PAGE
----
Ryves, Anthony Thomas (1798 SRY - 1873 SRY)


Ryves, Anthony Thomas


Father: Thomas Ryves
Mother: Harriet Randall

Birth: 24 Jun 1798, Southwark, Surrey
Birth Source: England Births & Baptisms 1538-1975

Death: 31 Mar 1873, Camberwell, Surrey
Death Source: England & Wales Deaths 1837-2007

Spouse1: Lavinia Janetta Horton de Serres
Mistress: Elizabeth Aldridge


Children of Anthony Thomas Ryves and Lavinia Janetta Horton de Serres
  1. Olive Lavinia Noel Ryves. b.c.1823
  2. Sophia Lavinia Ryves, b.1825
  3. Lavinia Janetta Ryves, b.1827
  4. Harriet Jane Ryves, b.1829
  5. Anthony Thomas Ryves‏‎. b.1832
  6. William Henry de Serres Wilmot Ryves, b.1833
  7. James Stafford Ryves, b.1836

Children of Anthony Thomas Ryves and Elizabeth Aldridge
  1. Robert Ryves, b.1831
  2. Elizabeth Ryves, b.c.1833
  3. Harriet Ryves, b.c.1836
  4. Thomas Ryves, b.1836
  5. Frederick Ryves, b.1842
  6. James Ryves, b.1846
  7. Mary Jane Ryves, b.c.1853

Anthony Thomas Ryves was baptised on 7 Jun 1799 at the Parish Church of St George the Martyr, Southwark when his date of birth was noted as being 24 Jun 1797. His mother is recorded as Harriot Jane RYVES and his father as Thomas RYVES. His older sister Harriot Sophia Ryves was also baptised (for the second time) on the same day. While their father Thomas is named on both 1799 baptismal entries, it is likely he is the Thomas Ryves whose burial took place on 26 Nov 1797 at St Marylebone, Middlesex.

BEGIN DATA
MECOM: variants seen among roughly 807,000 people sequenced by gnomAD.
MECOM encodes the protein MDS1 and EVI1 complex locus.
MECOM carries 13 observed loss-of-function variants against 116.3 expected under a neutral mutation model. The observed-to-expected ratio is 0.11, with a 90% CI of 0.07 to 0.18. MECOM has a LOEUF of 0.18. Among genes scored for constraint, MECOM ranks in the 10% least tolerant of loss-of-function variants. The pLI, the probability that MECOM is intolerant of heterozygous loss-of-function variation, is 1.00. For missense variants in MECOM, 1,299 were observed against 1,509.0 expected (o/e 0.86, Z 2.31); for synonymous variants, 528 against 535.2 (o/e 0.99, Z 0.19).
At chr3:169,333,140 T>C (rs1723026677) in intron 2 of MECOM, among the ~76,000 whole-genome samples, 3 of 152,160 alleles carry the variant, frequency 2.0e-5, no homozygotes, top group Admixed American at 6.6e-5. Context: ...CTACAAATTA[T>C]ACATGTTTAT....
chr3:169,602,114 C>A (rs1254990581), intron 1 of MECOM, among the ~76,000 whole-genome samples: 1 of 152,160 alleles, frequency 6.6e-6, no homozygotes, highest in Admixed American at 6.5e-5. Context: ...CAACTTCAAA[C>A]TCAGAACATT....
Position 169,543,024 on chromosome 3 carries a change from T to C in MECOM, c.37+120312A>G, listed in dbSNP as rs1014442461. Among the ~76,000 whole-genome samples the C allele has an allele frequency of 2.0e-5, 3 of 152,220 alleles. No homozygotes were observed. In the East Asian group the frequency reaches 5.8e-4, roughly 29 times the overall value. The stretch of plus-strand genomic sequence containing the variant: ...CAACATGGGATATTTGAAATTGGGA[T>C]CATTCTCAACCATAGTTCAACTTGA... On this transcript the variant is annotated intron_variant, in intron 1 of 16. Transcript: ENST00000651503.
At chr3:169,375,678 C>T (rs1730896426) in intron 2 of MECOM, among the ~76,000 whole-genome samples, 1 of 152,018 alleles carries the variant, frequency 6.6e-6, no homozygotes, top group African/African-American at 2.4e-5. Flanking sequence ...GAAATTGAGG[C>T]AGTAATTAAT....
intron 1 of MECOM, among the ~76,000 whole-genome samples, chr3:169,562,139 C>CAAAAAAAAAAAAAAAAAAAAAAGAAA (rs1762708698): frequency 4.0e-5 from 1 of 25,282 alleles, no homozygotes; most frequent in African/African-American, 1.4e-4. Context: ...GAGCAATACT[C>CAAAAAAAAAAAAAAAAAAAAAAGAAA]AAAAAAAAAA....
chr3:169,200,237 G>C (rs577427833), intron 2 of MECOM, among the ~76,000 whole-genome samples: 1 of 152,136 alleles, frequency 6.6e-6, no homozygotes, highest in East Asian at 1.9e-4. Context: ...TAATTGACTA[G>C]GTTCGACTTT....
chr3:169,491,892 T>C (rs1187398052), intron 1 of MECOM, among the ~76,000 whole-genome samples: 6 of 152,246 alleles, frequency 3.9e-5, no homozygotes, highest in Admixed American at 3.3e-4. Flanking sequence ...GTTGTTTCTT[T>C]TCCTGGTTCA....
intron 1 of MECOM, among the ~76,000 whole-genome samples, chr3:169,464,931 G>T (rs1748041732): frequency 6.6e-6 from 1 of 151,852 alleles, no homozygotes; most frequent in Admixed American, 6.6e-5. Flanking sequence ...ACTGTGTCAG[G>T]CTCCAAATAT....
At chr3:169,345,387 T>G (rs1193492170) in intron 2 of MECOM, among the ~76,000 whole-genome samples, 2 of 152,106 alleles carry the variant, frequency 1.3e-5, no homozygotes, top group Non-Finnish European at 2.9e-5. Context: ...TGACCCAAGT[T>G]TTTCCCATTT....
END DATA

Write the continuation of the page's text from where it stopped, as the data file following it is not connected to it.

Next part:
Anthony was the illegitimate son of Thomas Ryves and Herriett Randall. Anthony has been described as having been the 'virtually adopted son' of William Combe the author and 'adventurer'. See Research Note 1 below. Anthony inherited his grandfathers interest in art and is said to have become a portrait painter in early adulthood.

Anthony Thomas' possibly most notable claim to fame was that on 22 November 1822 he married Lavinia de Serres at St George the Martyr, Southwark. Lavinia was the daughter of John Thomas Serres, a successful and highly regarded marine artist and Olive (Olivia) Wilmot, also a talented artist was appointed landscape painter to George, Prince of Wales in 1806. See Research Note 2 below.

Anthony's marriage to Lavinia was not a lasting success and she divorced him in 1841 on the ground of 'cruelty' & 'bigamy' (presumably with Elizabeth Aldridge as co-respondent - although, as there was no marriage, adultery would seem to be more accurate). In later years she became known of as the 'little old lady in black' in the neighbourhood of Havestock Hill.